While the increasing adoption of RFID has driven the costs down lot, an RFID system can still be quite tricky to implement in a cost effective way. With this in mind, choosing the right technology for the application is vital to ensure an adequate ROI (Return on Investment).
The technology (operating frequency and standard) you choose has the biggest influence on the cost. In any given RFID technology, the workload for the system to operate properly is divided between the reader and the tag. Usually, the simpler the tag is, the most complex and sophisticated the reader must be to read it - and this easily translates in the "cheap tag, expensive reader - cheap reader, expensive tag" rule of thumb.
Even taking into account the cost distinction between passive, semipassive and active tags, in general the level of sophistication required to read passive tags calls for more expensive readers, while with active tags the cost of the reader is much lower. So, when "designing" your system, one of the first things to take into account is how many tags you will need - and if you can reuse them in some way. Also, consider the unit price for a tag is strongly dependent on the quantity - the most cost effective option is to buy labels in rolls.
As a point of reference, the most widespread UHF EPC Gen2 inlays (logistics and warehousing applications at item level) can cost less than 10p per tag (prices on an order of about 10.000 pieces - April 2013), while the price for a matching industry grade reader for portal applications is about £1000 (excl VAT). On the other side of the scale it is easy to be quoted over £100 for 100 tags.
With regards to the frequencies, LF is the cheapest technology overall, mostly because it is the oldest, simplest one and more widespread use - car immobilizers and animal tagging come to mind, calling for large volumes and very cheap readers (a reader can cost less than £10). However, LF extremely low performances make is suitable only in niche applications.
HF comes second because of the large volumes requested by fare payment systems - the price dropped so much that NFC readers have started being integrated with mobile phones (but industrial grade readers are still quite expensive).
UHF readers are usually the most expensive in the lot, but the advantage is in term of reading range, versatility and low tag cost.
With regards to the distinction between passive, semi-passive and active tags, passive tags wins hand down cost-wise, with semi-passive and active tags costing about 20 times as much - without considering the need of replacing tags every few years when the battery is flat. This makes battery powered tags something you should consider only when the extra range is indispensable for the application.
With regards to standards, widely used standardised technologies are usually much cheaper than proprietary technologies, especially in the long run. This partly due by the fact they are in general sold in larger volumes, but also that you can buy both tags and readers from different manufacturers. This, as often does in other sectors, opens up free market competition driving down the cost. A related advantage is that this gives you better guarantees about how long a particular technology will be available on the market, allows you to change your suppliers every time a cheaper or improved version becomes available and allows interoperability between different companies in the same supply chain.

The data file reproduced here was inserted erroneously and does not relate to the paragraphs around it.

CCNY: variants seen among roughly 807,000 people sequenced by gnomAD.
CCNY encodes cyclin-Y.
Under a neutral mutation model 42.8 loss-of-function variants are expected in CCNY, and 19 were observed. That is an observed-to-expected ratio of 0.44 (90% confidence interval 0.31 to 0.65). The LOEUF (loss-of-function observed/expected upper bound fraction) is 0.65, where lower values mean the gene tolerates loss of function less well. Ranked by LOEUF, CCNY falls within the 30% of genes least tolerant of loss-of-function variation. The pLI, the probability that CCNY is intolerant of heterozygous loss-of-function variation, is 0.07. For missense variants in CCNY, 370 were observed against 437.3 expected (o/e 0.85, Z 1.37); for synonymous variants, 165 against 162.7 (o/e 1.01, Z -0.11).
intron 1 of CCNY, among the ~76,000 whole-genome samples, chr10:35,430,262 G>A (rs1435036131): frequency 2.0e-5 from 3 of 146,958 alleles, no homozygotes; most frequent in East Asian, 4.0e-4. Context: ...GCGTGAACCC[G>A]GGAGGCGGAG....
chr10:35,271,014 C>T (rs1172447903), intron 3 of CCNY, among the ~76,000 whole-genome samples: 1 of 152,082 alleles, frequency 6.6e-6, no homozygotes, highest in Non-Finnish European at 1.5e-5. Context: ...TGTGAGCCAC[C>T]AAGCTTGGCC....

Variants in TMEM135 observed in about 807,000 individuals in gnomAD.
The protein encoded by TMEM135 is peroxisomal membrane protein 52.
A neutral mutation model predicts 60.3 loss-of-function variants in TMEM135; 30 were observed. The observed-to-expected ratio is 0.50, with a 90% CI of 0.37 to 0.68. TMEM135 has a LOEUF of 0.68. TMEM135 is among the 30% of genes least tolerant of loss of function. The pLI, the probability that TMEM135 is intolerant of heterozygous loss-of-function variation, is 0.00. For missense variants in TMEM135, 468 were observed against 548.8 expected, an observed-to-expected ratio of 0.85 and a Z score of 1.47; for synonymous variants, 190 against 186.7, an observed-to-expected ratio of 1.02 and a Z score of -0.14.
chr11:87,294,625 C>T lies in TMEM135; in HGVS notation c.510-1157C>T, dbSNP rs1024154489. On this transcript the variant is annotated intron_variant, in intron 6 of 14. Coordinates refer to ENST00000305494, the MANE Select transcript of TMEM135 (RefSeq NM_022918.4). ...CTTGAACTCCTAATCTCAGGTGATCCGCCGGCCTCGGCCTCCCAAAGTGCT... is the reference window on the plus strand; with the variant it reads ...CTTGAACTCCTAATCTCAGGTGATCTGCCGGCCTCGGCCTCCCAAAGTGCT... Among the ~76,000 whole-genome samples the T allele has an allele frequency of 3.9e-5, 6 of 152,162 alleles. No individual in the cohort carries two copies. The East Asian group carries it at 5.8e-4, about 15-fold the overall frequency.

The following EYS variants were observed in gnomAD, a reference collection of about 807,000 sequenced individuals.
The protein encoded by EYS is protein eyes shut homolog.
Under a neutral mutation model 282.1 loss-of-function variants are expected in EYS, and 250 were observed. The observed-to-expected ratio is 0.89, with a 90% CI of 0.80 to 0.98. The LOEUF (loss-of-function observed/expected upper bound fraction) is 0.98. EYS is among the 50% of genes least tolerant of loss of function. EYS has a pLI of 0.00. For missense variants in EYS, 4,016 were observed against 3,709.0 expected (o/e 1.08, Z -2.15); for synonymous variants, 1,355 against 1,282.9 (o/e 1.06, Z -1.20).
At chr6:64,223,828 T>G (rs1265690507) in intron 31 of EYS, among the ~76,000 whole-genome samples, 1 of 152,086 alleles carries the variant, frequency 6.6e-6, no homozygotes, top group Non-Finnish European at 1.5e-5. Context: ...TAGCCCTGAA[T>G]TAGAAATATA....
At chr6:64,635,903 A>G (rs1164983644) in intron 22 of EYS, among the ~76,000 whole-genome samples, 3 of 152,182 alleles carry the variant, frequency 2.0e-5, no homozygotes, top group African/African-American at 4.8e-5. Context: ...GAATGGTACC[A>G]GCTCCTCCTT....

Once you have chosen the technology, other factors that can affect the cost are:
- The tag packaging: when you buy a tag, it can be supplied with different substrates or packaging, ranging from a cheap tag on a sticky substrate (label) to considerably expensive tags encased in various material to work in harsh environments, to extend the lifespan or to be suitable for on-metal mounting;
- The reader portability: do you need fixed or portable readers? Fixed readers are usually more powerful (longer range/greater accuracy) and cheaper than the portable counterparts;
- The reader ruggedness: if your application is meant to work outside or in dusty/wet environments you will need a ruggedised reader, able to withstand harsher condition. However this will obviously have an implication on the cost of the reader, especially on mobile ones.
Lastly an important consideration is to keep in mind that an RFID system does not just include readers and tags. For most applications, you will need to setup the entire infrastructure to go along with it (computer, network, servers, backup system, software, cabling, installation etc) - and the cost of the latter (if setup from scratch) can easily largely outweigh the cost of the RFID technology used in the system!